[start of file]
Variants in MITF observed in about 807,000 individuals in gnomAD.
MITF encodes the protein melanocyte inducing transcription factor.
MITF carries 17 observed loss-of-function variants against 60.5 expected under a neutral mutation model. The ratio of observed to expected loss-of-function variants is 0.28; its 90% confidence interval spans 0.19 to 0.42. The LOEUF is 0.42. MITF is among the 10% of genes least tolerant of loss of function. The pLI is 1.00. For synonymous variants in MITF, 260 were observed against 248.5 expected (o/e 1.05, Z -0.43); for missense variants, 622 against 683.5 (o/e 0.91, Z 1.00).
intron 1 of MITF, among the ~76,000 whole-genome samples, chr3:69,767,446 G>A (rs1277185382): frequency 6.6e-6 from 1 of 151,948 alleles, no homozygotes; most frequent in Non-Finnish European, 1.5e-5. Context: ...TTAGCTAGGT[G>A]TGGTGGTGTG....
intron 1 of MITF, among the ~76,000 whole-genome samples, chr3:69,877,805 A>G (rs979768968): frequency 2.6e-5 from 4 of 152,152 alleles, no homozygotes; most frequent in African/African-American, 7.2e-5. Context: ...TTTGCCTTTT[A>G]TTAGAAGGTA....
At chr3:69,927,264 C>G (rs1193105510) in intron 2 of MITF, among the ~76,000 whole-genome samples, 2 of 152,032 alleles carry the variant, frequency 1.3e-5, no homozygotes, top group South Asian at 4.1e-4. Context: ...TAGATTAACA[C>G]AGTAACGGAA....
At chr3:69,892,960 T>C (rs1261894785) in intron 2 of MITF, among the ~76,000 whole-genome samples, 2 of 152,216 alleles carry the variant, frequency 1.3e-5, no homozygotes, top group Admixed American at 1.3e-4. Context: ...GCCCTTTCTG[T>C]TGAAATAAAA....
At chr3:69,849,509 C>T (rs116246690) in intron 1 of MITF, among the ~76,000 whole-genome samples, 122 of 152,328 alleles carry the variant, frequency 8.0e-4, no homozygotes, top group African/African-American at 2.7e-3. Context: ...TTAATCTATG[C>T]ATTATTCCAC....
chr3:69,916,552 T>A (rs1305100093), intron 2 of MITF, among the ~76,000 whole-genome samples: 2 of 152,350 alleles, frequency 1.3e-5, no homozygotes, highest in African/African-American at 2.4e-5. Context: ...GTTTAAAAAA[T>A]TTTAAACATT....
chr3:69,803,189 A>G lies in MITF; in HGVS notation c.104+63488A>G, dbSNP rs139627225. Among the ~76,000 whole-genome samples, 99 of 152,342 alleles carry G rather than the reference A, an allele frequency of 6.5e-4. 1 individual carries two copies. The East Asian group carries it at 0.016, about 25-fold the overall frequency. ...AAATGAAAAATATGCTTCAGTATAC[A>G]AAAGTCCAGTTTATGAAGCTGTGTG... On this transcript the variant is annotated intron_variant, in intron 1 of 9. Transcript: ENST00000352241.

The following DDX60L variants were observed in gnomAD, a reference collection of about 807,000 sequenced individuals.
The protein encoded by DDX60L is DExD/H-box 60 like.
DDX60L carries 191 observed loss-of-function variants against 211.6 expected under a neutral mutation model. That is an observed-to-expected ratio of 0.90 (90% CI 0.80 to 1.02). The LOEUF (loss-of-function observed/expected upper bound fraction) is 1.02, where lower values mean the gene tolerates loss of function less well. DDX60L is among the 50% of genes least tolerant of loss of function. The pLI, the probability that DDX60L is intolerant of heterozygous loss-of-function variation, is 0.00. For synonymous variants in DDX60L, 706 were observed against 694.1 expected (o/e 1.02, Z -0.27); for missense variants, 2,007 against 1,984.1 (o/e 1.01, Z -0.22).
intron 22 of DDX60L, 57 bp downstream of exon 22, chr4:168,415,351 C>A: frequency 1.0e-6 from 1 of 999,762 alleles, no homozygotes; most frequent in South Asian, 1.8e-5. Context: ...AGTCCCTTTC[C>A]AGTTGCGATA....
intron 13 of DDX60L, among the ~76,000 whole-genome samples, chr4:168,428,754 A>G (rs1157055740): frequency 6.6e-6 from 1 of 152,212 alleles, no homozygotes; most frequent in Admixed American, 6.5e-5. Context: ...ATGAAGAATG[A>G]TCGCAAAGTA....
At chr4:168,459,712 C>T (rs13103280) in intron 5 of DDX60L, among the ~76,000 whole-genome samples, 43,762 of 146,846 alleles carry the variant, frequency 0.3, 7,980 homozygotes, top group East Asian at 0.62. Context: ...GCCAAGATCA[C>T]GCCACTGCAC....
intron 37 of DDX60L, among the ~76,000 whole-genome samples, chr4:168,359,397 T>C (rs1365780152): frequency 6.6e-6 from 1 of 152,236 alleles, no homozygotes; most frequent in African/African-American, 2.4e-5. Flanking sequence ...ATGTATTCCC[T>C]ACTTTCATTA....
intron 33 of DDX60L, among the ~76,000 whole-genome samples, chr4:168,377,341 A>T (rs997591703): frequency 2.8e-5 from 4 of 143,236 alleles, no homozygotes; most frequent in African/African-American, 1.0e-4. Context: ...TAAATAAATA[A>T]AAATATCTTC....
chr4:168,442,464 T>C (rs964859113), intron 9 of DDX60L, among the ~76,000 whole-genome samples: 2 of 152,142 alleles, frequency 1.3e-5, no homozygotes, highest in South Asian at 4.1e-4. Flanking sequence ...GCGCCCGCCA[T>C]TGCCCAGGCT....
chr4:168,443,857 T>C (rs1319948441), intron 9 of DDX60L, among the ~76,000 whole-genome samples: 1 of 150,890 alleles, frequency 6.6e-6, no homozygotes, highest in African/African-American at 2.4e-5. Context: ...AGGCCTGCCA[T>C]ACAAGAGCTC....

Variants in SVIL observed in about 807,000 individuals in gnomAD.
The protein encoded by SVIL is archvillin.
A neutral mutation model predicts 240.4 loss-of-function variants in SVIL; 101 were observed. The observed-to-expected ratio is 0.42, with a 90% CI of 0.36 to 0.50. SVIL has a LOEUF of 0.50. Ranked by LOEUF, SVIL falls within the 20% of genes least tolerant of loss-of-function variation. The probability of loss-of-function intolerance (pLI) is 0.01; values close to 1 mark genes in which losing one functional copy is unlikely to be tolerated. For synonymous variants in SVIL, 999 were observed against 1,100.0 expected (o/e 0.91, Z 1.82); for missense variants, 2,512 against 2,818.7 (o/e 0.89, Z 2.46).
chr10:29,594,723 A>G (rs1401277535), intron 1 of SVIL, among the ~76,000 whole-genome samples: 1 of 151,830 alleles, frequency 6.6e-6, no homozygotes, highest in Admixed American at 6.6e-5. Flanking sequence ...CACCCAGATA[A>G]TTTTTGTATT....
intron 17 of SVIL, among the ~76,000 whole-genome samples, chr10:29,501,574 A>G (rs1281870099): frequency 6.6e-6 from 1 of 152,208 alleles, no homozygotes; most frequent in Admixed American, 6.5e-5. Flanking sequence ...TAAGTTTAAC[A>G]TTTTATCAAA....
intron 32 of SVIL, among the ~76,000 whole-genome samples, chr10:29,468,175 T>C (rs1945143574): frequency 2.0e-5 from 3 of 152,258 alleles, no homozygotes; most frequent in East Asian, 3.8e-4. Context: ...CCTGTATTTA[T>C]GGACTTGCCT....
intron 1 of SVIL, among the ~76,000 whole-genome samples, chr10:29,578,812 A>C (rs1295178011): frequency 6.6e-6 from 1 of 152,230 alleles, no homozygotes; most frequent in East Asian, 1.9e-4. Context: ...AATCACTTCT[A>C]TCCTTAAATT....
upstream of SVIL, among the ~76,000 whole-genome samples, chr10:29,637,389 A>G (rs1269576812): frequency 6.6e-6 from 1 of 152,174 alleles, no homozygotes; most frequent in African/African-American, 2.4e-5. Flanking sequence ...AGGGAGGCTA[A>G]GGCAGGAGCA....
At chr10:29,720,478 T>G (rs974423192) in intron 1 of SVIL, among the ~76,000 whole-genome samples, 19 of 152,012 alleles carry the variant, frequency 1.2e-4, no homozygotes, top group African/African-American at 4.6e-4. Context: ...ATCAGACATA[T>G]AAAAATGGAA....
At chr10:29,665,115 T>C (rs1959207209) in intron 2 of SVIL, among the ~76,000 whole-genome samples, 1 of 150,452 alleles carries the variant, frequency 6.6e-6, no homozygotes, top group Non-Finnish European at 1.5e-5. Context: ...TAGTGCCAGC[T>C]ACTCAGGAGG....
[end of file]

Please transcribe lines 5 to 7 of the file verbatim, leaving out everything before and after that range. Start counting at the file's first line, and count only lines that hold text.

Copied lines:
intron 1 of MITF, among the ~76,000 whole-genome samples, chr3:69,877,805 A>G (rs979768968): frequency 2.6e-5 from 4 of 152,152 alleles, no homozygotes; most frequent in African/African-American, 7.2e-5. Context: ...TTTGCCTTTT[A>G]TTAGAAGGTA....
At chr3:69,927,264 C>G (rs1193105510) in intron 2 of MITF, among the ~76,000 whole-genome samples, 2 of 152,032 alleles carry the variant, frequency 1.3e-5, no homozygotes, top group South Asian at 4.1e-4. Context: ...TAGATTAACA[C>G]AGTAACGGAA....
At chr3:69,892,960 T>C (rs1261894785) in intron 2 of MITF, among the ~76,000 whole-genome samples, 2 of 152,216 alleles carry the variant, frequency 1.3e-5, no homozygotes, top group Admixed American at 1.3e-4. Context: ...GCCCTTTCTG[T>C]TGAAATAAAA....